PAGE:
The Visayan Attack Group Task Force 78.3  was a 67 ship-strong flotilla under Rear Adm. Arthur D. Struble  with the USCGC Ingham (Cmdr. K.O.A. Zittel) as flag and guide. On 09 May 1945, the Macajalar Bay Attack Unit (Task Unit 78.3.4) was formed and departed for Mindanao.

    On 10 May 1945 (Q-Day) a line of departure was established 3,000 yards off Brown Beach, the designated beach head, and destroyers commenced shore bombardment of the beach area at 0730 Hrs., with Ingham directing operations.

    At 0803, Landing Ships, Tanks (LSTs) began discharging the 1st Battalion of the 108th Regimental Combat Team (40th Division) Tracked Landing Vehicles (LVT’s) for the first and second waves, the first wave hitting the beach with no opposition at 0830 and the second landing four minutes later.

    Guerrilla Clear the Way

    They found the beachhead at Tin-ao, northeast of Agusan near Bugo in the Macajalar Bay Area already secured by the guerrillas.

    The close coordination between the guerrillas and the invasion force is illustrated by the official chronology of this operation which details how guerrilla officers reported on board the Ingham at 0928 Hrs. to discuss the situation ashore, departing at 0942.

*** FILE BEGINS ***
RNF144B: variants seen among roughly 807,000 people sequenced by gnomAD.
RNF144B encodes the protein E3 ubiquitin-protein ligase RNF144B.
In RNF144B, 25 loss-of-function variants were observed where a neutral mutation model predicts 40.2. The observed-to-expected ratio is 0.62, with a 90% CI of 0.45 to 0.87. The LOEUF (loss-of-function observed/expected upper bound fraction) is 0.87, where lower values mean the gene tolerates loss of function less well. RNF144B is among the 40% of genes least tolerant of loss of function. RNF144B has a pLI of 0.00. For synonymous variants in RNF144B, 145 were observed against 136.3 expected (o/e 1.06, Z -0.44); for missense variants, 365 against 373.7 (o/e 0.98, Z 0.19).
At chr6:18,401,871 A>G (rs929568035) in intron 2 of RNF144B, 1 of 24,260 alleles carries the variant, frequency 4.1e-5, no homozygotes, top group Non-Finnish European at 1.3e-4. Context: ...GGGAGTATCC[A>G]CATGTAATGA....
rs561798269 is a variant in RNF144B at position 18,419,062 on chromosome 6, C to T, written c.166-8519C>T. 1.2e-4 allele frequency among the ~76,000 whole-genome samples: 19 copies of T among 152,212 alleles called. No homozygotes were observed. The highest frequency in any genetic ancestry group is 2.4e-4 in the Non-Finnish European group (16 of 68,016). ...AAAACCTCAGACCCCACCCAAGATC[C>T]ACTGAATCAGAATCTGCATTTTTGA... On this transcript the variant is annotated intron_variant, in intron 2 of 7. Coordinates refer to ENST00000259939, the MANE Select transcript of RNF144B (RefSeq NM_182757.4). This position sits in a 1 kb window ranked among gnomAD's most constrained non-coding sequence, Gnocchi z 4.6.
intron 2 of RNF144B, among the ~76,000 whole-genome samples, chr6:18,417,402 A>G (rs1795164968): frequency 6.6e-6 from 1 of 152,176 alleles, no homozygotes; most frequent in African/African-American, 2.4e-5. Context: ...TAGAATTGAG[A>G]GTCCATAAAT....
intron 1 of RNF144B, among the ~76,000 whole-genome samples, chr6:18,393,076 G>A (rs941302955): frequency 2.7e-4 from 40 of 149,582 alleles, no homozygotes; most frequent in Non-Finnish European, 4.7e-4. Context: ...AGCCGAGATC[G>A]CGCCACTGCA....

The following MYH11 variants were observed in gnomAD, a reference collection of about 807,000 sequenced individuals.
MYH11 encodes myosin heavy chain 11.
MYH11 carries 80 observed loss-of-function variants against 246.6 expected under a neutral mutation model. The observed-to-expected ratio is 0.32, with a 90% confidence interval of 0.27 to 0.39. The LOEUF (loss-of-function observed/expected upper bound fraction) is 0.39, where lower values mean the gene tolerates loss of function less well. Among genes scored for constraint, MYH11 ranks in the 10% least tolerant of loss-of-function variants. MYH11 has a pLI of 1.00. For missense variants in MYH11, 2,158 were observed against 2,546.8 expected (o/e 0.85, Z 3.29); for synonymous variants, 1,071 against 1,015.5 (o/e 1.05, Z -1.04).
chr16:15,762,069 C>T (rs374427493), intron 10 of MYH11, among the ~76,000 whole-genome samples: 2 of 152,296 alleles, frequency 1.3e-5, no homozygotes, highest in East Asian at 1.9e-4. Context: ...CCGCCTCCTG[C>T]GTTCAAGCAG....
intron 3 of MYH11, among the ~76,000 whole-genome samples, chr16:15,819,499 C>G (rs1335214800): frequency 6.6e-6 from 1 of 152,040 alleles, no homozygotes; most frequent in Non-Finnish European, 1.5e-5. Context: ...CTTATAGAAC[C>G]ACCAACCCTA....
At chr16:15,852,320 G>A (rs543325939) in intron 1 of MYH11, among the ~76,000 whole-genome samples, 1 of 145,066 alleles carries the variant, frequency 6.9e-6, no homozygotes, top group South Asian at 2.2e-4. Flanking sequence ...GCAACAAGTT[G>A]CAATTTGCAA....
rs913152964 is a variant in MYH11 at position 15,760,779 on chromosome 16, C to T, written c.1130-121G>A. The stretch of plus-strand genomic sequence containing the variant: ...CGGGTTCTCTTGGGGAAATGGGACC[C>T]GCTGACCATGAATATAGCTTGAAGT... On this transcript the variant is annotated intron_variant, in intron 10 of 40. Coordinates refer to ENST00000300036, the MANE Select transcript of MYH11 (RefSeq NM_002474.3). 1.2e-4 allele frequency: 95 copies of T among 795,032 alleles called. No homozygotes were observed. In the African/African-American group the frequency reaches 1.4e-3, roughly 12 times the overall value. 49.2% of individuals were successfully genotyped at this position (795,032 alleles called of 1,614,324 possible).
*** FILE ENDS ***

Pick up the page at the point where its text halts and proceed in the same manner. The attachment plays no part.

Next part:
Later the same day, two LCIs shuttled guerrillas from Villanueva and Gingoog to Brown Beach, and again on May 12 ferrying more guerrillas from Gingoog, Balingasag and Babamoo to secure the beachhead.

    Landing at Tin-ao, Agusan

    Following an aerial bombardment, the 78.3.46 Inshore Support Unit consisting of LCS (L) 30, 42, 79 and 80 under Lt. Sendree lay down a close covering fire on the beaches starting at 0810, followed by a rocket barrage at 0825, before receiving orders to lift gunfire by 0827 to allow the first wave of the LVTs to land.

    At 0908 Medium Landing Ships (LSM) began beaching and unloading. The operation proceeded as planned and the Army forces pushed inland.

    This landing, which was known as the Victor-V-A Operation was made in accordance with General Eichelberger’s plan for the clearance of the Sayre Highway in Bukidnon.

    It marked the first time American forces landed in Cagayan at exactly the same date three years earlier when the USAFFE Vis-Min Forces under Maj. Gen. William F. Sharp surrendered to the Japanese in Malaybalay, Bukidnon.

    The Liberation of Cagayan de Oro during World War II will be commemorated by the “War of our Fathers” World War II Exhibit starting May 12, 2024 at the 2nd Floor of SM CDO Uptown. This is brought to you by the Philippine Veterans Bank, Philippine Veterans Affairs Office (PVAO), City of Cagayan de Oro, Province of Misamis Oriental, SM CDO Uptown and the Cagayan de Oro World War II & Veterans Studies Committee. Exhibit is open during mall hours. Admission is free.